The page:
Memories of Masada

By Ariel Cohen, Wellesley College, bus 6 Today I stand where I once stood eight years ago when I had my Bat Mitzvah. I stand where Israeli soldiers stand year after year to vow themselves to this country. I stand in the same place where my people took a firm and tragic stance against the Roman Empire two thousand years ago.

This experience is one of profound significance to me. But, as an Israel advocate, I often struggle to explain the significance of such experiences to others. When I try to start a dialogue about Israel, even within the Jewish community, opposition born of ignorance often prevents me from doing so. It is hard to explain an experience to those that have never had it. It is for this reason that the David Project Israel Uncovered trip has solidified my belief in the importance of bringing diverse communities to Israel. If the Jewish people on Masada had the support of non-Jewish allies, perhaps their end would not have been as traumatic.

Many Israel advocacy groups that I work with tend to solely focus on reaching out to Jews. And even if these groups do reach out to non-Jews, they usually focus on religious – especially evangelical Christian – groups. Furthermore, the vast majority of Israel advocacy groups do not allow for, or even encourage, interaction between different cultures. It is this precisely this focus on intersectionality that has made The David Project and Israel Uncovered so successful. The cross-cultural dialogue on this trip has catalyzed a more informed, diverse conversation on Israel.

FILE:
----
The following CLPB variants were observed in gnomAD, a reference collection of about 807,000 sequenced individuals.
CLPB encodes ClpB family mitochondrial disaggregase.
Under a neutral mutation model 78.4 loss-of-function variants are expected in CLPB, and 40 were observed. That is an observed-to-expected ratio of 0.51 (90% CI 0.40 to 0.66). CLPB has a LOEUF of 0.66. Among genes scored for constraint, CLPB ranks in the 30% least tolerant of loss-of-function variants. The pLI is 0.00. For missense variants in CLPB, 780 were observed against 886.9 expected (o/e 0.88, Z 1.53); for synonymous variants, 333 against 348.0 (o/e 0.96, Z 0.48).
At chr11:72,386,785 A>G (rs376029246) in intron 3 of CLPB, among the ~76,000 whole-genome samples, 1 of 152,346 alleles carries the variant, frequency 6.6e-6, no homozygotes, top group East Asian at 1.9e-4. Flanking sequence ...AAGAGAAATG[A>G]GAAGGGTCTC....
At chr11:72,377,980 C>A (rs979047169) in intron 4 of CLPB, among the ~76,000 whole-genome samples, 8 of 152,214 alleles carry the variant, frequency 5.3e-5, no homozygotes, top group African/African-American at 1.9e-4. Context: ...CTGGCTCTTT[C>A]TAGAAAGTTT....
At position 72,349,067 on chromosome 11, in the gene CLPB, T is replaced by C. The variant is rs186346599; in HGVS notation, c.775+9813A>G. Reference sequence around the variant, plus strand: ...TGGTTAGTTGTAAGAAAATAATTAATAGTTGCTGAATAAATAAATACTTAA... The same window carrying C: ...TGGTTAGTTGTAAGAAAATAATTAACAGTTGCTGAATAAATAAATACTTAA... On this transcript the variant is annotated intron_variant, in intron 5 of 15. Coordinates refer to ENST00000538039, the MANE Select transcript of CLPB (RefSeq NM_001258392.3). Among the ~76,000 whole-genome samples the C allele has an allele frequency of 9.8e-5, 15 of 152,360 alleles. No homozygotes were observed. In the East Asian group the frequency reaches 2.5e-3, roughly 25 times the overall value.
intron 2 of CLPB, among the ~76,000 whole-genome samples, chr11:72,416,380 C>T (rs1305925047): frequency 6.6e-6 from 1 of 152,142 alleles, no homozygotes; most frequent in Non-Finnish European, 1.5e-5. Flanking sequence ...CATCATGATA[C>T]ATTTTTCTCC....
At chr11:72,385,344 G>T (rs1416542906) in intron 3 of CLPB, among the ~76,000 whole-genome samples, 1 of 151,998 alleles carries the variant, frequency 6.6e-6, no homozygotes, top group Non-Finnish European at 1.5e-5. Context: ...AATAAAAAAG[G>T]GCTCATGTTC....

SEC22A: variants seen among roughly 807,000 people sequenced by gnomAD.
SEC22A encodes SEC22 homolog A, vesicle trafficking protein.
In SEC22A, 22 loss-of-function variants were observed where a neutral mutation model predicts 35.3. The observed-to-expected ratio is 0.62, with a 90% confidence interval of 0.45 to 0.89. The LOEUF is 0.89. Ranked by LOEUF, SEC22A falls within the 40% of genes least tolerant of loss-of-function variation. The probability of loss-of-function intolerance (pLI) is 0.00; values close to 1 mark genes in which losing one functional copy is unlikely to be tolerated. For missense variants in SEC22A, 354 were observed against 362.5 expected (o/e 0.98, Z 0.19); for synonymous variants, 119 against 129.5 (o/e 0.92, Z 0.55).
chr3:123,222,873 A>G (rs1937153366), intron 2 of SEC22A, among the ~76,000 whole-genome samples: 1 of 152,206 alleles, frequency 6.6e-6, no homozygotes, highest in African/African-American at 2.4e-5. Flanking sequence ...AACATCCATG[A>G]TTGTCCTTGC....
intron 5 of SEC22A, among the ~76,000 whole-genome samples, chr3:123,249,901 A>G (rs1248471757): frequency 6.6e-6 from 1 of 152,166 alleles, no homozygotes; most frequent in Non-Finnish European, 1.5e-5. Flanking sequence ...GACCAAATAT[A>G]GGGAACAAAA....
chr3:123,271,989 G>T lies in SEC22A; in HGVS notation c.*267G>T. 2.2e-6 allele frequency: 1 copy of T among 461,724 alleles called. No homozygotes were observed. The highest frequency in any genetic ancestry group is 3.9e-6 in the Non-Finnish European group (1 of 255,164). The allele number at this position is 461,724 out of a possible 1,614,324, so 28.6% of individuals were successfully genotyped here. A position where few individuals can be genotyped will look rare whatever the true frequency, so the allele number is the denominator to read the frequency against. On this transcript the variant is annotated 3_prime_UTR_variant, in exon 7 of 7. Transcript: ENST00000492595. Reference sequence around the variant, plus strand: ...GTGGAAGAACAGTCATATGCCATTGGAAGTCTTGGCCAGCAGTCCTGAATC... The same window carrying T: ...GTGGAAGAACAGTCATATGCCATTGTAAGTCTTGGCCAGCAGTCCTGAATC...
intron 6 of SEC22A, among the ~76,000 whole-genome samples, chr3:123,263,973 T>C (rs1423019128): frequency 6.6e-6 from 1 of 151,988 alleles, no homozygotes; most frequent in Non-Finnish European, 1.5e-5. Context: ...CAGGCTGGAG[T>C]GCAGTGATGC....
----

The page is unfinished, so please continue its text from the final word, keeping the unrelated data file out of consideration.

Speaking to my non-Jewish peers on this trip has helped me to realize how impactful the visit to Masada was for them. Most of them found the experience to be emotional and meaningful. Additionally, many of them remarked upon the awe of the ruins and the history of the fortress. Furthermore, my non-Jewish peers agreed that Masada helped them to understand the Jewish connection to the land and the need for a Jewish state.

The Jewish people and the state of Israel cannot survive without the support of other communities. If anything is to be learned from this experience it is that a diverse, communal dialogue on Israel is not only meaningful and successful, but absolutely necessary. With The David Project, we are taking important steps to ensure that Masada will not fall again.

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